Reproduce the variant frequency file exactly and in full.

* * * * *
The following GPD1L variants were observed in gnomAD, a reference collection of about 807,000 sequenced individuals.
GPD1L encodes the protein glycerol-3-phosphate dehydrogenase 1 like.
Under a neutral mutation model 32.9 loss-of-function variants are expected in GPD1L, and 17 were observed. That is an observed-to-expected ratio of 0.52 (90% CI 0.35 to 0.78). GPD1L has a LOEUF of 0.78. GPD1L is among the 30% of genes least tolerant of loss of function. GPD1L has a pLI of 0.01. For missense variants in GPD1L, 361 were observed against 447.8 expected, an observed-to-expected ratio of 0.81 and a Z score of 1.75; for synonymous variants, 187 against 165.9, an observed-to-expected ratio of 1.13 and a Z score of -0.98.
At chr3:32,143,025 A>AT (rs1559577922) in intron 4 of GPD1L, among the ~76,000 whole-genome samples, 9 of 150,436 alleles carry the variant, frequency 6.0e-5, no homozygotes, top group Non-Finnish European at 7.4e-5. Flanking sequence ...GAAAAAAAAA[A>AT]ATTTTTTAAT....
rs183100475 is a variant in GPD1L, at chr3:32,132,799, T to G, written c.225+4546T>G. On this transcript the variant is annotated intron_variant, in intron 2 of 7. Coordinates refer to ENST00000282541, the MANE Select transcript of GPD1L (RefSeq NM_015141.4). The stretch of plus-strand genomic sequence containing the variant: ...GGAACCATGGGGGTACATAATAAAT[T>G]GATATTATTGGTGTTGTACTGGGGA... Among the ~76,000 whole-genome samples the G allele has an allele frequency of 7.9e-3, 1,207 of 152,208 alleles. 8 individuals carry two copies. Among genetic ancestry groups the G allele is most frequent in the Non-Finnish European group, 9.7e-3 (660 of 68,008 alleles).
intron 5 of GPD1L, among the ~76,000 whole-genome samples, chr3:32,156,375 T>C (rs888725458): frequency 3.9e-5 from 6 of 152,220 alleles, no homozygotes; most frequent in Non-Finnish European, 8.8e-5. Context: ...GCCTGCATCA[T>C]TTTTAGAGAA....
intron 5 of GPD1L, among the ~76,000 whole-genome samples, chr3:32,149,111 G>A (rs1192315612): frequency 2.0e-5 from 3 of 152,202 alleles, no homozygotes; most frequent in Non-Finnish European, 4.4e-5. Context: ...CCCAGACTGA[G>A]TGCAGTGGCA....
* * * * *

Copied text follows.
The following GPD1L variants were observed in gnomAD, a reference collection of about 807,000 sequenced individuals.
GPD1L encodes the protein glycerol-3-phosphate dehydrogenase 1 like.
Under a neutral mutation model 32.9 loss-of-function variants are expected in GPD1L, and 17 were observed. That is an observed-to-expected ratio of 0.52 (90% CI 0.35 to 0.78). GPD1L has a LOEUF of 0.78. GPD1L is among the 30% of genes least tolerant of loss of function. GPD1L has a pLI of 0.01. For missense variants in GPD1L, 361 were observed against 447.8 expected, an observed-to-expected ratio of 0.81 and a Z score of 1.75; for synonymous variants, 187 against 165.9, an observed-to-expected ratio of 1.13 and a Z score of -0.98.
At chr3:32,143,025 A>AT (rs1559577922) in intron 4 of GPD1L, among the ~76,000 whole-genome samples, 9 of 150,436 alleles carry the variant, frequency 6.0e-5, no homozygotes, top group Non-Finnish European at 7.4e-5. Flanking sequence ...GAAAAAAAAA[A>AT]ATTTTTTAAT....
rs183100475 is a variant in GPD1L, at chr3:32,132,799, T to G, written c.225+4546T>G. On this transcript the variant is annotated intron_variant, in intron 2 of 7. Coordinates refer to ENST00000282541, the MANE Select transcript of GPD1L (RefSeq NM_015141.4). The stretch of plus-strand genomic sequence containing the variant: ...GGAACCATGGGGGTACATAATAAAT[T>G]GATATTATTGGTGTTGTACTGGGGA... Among the ~76,000 whole-genome samples the G allele has an allele frequency of 7.9e-3, 1,207 of 152,208 alleles. 8 individuals carry two copies. Among genetic ancestry groups the G allele is most frequent in the Non-Finnish European group, 9.7e-3 (660 of 68,008 alleles).
intron 5 of GPD1L, among the ~76,000 whole-genome samples, chr3:32,156,375 T>C (rs888725458): frequency 3.9e-5 from 6 of 152,220 alleles, no homozygotes; most frequent in Non-Finnish European, 8.8e-5. Context: ...GCCTGCATCA[T>C]TTTTAGAGAA....
intron 5 of GPD1L, among the ~76,000 whole-genome samples, chr3:32,149,111 G>A (rs1192315612): frequency 2.0e-5 from 3 of 152,202 alleles, no homozygotes; most frequent in Non-Finnish European, 4.4e-5. Context: ...CCCAGACTGA[G>A]TGCAGTGGCA....